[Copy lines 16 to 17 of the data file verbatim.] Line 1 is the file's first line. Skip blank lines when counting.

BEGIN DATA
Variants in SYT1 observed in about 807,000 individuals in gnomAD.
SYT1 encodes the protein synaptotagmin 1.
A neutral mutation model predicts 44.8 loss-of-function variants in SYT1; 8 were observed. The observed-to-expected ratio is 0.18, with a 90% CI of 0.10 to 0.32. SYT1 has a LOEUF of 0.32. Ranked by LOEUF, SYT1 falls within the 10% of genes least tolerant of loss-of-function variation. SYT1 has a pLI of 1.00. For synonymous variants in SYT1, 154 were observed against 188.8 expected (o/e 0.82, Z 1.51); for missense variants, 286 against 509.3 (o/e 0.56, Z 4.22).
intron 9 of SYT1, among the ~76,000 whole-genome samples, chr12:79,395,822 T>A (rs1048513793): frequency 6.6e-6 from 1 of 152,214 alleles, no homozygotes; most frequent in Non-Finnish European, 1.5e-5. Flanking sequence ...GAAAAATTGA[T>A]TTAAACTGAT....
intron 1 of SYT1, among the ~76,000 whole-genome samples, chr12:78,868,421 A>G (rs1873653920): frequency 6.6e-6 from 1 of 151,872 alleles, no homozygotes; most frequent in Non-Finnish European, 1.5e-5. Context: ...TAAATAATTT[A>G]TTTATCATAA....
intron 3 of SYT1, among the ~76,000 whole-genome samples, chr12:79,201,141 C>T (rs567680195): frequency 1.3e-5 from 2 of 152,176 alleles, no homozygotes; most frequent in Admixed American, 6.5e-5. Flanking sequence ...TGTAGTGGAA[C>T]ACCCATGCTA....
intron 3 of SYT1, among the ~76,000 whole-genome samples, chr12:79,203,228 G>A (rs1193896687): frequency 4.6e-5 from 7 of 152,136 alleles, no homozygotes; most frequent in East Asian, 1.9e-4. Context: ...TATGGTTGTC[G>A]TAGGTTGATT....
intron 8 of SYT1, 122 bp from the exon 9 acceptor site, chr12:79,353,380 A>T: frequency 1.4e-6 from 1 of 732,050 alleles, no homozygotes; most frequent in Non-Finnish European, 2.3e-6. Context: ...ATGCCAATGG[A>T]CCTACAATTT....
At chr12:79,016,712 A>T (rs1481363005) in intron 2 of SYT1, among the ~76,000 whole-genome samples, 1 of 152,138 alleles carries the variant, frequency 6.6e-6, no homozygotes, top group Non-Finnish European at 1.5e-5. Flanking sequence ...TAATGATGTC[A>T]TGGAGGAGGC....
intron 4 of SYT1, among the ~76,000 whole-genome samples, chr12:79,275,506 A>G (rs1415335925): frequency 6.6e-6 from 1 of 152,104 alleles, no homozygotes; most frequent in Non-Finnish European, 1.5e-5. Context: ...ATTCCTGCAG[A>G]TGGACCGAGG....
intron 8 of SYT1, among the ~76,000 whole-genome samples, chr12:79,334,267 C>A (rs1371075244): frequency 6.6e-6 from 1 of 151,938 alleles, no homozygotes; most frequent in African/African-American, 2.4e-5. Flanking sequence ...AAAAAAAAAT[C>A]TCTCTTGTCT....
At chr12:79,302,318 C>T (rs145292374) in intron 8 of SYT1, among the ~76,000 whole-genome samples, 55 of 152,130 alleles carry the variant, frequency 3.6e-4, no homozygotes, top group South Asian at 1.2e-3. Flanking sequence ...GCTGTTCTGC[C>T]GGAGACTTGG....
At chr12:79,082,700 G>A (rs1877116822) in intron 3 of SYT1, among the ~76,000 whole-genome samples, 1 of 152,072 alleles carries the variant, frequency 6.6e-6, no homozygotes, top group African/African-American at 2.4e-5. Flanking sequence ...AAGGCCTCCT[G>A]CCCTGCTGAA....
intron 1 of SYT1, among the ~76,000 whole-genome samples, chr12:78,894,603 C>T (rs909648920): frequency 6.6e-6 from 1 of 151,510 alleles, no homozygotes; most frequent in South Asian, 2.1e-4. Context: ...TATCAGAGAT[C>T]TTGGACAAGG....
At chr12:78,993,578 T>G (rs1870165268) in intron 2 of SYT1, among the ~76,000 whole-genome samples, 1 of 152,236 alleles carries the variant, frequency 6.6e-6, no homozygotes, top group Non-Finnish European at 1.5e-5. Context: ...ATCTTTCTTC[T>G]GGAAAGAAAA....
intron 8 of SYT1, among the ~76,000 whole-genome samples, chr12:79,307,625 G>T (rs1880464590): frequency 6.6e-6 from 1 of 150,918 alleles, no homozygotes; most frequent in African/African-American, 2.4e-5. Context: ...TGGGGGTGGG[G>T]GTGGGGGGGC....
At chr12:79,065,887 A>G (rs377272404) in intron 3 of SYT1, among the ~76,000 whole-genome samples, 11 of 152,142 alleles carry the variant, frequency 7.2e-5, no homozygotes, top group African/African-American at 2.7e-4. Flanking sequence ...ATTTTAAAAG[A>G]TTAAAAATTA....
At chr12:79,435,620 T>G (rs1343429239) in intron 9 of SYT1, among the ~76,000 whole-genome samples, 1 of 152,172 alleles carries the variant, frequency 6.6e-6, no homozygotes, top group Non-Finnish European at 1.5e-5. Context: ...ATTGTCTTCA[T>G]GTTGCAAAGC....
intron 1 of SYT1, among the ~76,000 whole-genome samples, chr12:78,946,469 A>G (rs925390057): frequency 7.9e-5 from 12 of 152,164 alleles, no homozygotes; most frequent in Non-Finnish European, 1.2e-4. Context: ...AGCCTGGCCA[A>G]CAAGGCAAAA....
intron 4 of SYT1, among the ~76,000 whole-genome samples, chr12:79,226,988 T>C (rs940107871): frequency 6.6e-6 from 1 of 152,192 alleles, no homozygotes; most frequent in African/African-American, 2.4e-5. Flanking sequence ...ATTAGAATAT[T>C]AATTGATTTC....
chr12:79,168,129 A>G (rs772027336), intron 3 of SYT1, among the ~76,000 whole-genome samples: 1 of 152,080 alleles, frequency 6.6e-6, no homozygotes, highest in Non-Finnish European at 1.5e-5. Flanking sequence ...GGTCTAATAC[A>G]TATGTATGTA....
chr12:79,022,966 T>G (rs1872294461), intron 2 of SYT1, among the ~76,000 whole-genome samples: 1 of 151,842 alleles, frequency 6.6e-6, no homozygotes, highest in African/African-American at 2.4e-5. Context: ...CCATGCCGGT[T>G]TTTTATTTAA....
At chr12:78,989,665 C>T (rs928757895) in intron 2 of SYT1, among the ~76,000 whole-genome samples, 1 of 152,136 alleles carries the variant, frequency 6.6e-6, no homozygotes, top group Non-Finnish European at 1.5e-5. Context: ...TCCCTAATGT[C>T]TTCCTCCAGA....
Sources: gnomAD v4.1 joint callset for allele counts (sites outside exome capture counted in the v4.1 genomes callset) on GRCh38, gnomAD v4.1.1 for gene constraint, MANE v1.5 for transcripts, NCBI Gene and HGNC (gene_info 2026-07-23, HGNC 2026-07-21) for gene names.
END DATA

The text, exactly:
intron 8 of SYT1, among the ~76,000 whole-genome samples, chr12:79,307,625 G>T (rs1880464590): frequency 6.6e-6 from 1 of 150,918 alleles, no homozygotes; most frequent in African/African-American, 2.4e-5. Context: ...TGGGGGTGGG[G>T]GTGGGGGGGC....
At chr12:79,065,887 A>G (rs377272404) in intron 3 of SYT1, among the ~76,000 whole-genome samples, 11 of 152,142 alleles carry the variant, frequency 7.2e-5, no homozygotes, top group African/African-American at 2.7e-4. Flanking sequence ...ATTTTAAAAG[A>G]TTAAAAATTA....